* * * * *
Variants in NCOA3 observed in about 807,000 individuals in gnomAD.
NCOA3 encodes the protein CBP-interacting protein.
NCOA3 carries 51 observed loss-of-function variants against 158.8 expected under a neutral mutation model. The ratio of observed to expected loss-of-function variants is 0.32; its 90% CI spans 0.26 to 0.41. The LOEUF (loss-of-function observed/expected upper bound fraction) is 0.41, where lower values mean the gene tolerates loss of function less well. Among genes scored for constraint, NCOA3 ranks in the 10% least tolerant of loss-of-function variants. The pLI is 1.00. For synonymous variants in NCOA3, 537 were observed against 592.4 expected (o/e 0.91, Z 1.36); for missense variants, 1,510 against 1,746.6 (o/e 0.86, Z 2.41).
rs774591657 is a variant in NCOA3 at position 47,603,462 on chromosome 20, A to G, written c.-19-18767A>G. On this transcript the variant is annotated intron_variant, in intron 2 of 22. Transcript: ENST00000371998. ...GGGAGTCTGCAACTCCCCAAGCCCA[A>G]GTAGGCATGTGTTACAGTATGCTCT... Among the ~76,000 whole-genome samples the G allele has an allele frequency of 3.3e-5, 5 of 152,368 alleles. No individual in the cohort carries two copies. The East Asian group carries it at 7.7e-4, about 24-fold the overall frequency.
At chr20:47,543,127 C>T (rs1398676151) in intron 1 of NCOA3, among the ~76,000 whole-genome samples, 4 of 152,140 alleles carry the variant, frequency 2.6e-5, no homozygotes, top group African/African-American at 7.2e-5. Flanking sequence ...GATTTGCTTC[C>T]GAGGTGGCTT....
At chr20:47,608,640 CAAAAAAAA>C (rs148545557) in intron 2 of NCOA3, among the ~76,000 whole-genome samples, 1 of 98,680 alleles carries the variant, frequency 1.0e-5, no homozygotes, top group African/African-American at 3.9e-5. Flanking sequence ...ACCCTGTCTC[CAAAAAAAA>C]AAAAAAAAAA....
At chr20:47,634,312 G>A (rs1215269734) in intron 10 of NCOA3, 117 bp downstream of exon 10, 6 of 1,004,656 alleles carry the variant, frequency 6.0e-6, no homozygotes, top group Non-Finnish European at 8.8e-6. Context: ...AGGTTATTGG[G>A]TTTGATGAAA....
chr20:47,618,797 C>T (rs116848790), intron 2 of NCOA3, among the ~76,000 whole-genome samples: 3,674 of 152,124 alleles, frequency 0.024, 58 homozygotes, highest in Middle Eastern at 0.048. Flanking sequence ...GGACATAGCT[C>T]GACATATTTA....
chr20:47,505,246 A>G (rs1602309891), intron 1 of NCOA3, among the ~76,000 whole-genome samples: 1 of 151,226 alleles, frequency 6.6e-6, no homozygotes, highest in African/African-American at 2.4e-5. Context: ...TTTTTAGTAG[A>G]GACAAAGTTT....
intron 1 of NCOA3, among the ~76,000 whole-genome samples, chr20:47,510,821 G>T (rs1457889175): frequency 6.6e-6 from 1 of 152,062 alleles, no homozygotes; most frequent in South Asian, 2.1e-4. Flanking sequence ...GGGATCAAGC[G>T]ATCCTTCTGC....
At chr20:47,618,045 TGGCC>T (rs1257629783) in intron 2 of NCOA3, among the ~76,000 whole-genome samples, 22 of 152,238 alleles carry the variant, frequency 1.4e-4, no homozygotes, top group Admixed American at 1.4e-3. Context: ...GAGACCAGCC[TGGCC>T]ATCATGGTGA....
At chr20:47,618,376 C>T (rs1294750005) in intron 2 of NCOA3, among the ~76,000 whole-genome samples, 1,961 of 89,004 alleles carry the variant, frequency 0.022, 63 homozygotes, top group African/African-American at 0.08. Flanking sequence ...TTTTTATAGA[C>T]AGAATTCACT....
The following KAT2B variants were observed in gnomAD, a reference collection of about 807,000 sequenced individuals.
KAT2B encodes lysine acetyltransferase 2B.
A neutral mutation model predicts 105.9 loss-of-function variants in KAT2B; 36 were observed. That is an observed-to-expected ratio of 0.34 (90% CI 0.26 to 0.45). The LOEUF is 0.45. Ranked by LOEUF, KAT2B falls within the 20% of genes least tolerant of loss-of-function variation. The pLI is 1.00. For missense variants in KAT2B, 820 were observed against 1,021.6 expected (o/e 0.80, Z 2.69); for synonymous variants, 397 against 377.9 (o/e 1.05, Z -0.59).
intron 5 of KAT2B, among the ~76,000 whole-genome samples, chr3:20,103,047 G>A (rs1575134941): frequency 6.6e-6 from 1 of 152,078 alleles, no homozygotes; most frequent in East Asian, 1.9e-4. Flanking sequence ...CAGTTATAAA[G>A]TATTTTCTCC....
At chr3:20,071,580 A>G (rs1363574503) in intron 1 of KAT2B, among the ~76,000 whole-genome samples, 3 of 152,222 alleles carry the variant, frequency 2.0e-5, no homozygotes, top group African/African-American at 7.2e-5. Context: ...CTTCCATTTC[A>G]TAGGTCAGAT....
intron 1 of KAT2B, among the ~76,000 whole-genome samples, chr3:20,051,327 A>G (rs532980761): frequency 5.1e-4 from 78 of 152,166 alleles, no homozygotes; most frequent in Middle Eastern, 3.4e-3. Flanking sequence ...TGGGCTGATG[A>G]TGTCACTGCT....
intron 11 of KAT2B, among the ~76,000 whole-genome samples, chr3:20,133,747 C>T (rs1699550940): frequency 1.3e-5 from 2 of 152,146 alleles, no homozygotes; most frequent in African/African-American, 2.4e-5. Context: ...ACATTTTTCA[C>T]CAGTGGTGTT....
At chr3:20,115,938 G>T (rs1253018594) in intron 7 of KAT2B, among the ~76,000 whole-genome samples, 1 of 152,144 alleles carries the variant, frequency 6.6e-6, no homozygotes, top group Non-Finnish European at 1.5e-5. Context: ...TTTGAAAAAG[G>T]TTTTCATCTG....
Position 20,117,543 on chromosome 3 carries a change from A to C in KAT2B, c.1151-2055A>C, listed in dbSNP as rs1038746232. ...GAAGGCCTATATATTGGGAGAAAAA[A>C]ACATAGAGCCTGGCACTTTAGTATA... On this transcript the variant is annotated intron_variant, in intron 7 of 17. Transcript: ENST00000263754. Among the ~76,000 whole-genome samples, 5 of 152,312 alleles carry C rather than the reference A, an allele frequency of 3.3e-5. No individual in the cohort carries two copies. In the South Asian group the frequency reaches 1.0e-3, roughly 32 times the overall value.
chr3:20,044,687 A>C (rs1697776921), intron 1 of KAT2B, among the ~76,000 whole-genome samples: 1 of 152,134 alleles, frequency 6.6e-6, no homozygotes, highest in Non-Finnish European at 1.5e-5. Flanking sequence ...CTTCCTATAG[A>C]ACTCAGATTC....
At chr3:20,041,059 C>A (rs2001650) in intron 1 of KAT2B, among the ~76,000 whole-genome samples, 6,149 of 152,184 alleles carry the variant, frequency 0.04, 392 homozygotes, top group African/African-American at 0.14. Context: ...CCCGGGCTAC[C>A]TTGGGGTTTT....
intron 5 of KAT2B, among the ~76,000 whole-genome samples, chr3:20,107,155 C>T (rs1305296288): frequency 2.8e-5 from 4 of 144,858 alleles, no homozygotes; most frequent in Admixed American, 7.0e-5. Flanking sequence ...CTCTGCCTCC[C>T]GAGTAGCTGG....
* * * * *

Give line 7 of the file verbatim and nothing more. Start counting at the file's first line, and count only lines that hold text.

At chr20:47,634,312 G>A (rs1215269734) in intron 10 of NCOA3, 117 bp downstream of exon 10, 6 of 1,004,656 alleles carry the variant, frequency 6.0e-6, no homozygotes, top group Non-Finnish European at 8.8e-6. Context: ...AGGTTATTGG[G>A]TTTGATGAAA....